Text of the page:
Monthly Archives: July 2008

Passive Aggressive

Genetics was on the front page of Wikipedia yesterday as Featured Article of the Day! This was pretty cool, but this of course attracted a crop of editors and comments that wanted to improve on the article — some wonderful and knowledgeable, some newbies, some with an ax to grind.

The one that really got to me was the guy who got really upset with usage of the passive voice:

“With all due respect, I find the drenching of this article in passive voice to be sophomoric and cumbersome. I intend to re-edit the entire article and make it readable to a literate audience, as I believe that Wikipedia articles should be written in a dynamic manner. Should you chose to remove all of my edits, I will seek redress.”

My reply:

“Please don’t get too passive aggressive with me: [1].” …. “I was concerned that your attempt to remove the passive voice made the article harder to read by introducing unnecessary vocabulary. If you can do it in a cleaner manner then you are welcome to it.” …. “While it is hardly arduous for me to comprehend your verbiage, I would importune you to contemplate first the lucidity of your emendations before foisting them upon a somewhat less literate audience.”

That link I made there is worth reading, it’s to a Language Log post “Passive Aggression” that illustrates the fallacy of an absolute injunction against the passive voice.

And so I tend to ignore the injunction, although I do appreciate that it can generally improve readability. But if removing the passive voice from a sentence requires introducing more complicated vocabulary, I think it is actually reducing the clarity of the sentence. Some examples of changes this editor made…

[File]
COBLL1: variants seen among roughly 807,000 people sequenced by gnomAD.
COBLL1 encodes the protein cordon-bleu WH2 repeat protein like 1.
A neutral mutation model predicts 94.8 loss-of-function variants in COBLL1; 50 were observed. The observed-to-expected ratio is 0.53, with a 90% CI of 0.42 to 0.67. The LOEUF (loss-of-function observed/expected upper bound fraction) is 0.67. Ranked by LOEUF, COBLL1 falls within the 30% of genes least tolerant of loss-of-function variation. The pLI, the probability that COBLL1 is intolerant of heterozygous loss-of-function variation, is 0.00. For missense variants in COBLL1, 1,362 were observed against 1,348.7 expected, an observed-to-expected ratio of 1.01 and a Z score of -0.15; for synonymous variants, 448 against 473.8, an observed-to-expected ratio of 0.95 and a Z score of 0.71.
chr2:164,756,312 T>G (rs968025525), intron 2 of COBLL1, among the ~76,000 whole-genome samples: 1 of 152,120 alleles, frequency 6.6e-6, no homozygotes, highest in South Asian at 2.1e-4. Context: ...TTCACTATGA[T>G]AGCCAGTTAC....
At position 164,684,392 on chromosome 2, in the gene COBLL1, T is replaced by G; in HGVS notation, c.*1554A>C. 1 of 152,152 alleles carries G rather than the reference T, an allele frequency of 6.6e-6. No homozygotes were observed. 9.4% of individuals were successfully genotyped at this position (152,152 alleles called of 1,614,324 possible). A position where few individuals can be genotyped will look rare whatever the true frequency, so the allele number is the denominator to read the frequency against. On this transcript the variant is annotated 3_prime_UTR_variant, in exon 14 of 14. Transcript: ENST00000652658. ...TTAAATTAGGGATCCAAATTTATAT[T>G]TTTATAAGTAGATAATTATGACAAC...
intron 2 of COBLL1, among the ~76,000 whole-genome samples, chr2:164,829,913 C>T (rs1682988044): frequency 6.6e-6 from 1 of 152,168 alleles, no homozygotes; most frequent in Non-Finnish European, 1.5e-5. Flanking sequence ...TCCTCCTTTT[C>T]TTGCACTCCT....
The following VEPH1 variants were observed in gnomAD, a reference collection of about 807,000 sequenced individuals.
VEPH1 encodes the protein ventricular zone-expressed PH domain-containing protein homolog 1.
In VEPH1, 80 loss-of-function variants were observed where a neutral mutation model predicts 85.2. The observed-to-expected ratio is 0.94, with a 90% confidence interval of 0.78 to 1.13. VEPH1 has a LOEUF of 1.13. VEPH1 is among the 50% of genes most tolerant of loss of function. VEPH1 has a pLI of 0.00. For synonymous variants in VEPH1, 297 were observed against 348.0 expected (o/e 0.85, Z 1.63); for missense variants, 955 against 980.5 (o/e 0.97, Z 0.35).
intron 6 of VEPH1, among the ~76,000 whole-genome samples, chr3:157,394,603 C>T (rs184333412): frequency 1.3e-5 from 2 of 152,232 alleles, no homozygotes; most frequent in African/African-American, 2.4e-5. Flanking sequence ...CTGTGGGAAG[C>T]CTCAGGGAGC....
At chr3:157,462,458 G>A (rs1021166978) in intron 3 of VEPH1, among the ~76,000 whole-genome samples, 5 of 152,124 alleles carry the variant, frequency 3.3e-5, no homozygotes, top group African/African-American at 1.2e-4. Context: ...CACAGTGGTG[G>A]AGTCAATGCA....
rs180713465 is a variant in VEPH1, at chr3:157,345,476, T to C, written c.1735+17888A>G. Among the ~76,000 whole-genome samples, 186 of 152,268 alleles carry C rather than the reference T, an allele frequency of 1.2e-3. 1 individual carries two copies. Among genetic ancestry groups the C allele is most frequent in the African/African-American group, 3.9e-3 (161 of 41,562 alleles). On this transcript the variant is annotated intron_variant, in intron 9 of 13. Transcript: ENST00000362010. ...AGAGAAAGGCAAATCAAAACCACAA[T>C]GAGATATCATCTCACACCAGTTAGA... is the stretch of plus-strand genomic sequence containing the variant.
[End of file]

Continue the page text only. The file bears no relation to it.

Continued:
• “For genes that are closer together” was replaced with “For genes located in closer proximity
  • “DNA (rather than protein) was the genetic material of the viruses” was replaced with “DNA (rather than protein) comprised the genetic material of the viruses”
  • “A popular theory during Mendel’s time was the concept of blending inheritance” was replaced with “A popular theory during Mendel’s time pertained to the concept of blending inheritance” (the theory was only related to the concept? This one isn’t even correct. I’m not even sure it’s passive??)

I’m really not a writing expert, but I think the article needs to be as accessible as possible — in these cases, the passive voice is preferable to doing some grammatical backflips over fancy vocabulary. Make sure to read that Language Log post, it’s very funny!

Media and causes

Ethan Zuckerman has a couple of recent posts about Darfur and Tibet, I found both very good to read. “China, bias, and misunderstanding” is about the disconnect between Chinese and Western perceptions of Tibet — for example, how and why many Chinese were upset and offended by the Olympic torch protests. “Media, reality, representation: what are we paying attention to when we pay attention to Darfur?” explores the oversimplification made of the Darfur conflict — it’s much more complex than I’ve been led to believe! — and he hypothesizes why this particular conflict has become such a popular cause for activism.

Cool words

Here is a short list of some cool words. If you have a cool word, add it with a comment (make say what it means and why it is cool)!

crapulent / crapulence

  • definition: sick due to excessive eating or alcohol, excessively drunk
  • why it’s cool: this should be obvious


  • definition: beauty
  • why it’s cool: ugliest word for beauty I’ve ever heard


  • definition: disrupts the structure of proteins and/or DNA, denaturing them
  • why it’s cool: sounds bad ass



  • definition: having well-shaped buttocks
  • why it’s cool: fancy-ass ass-fancy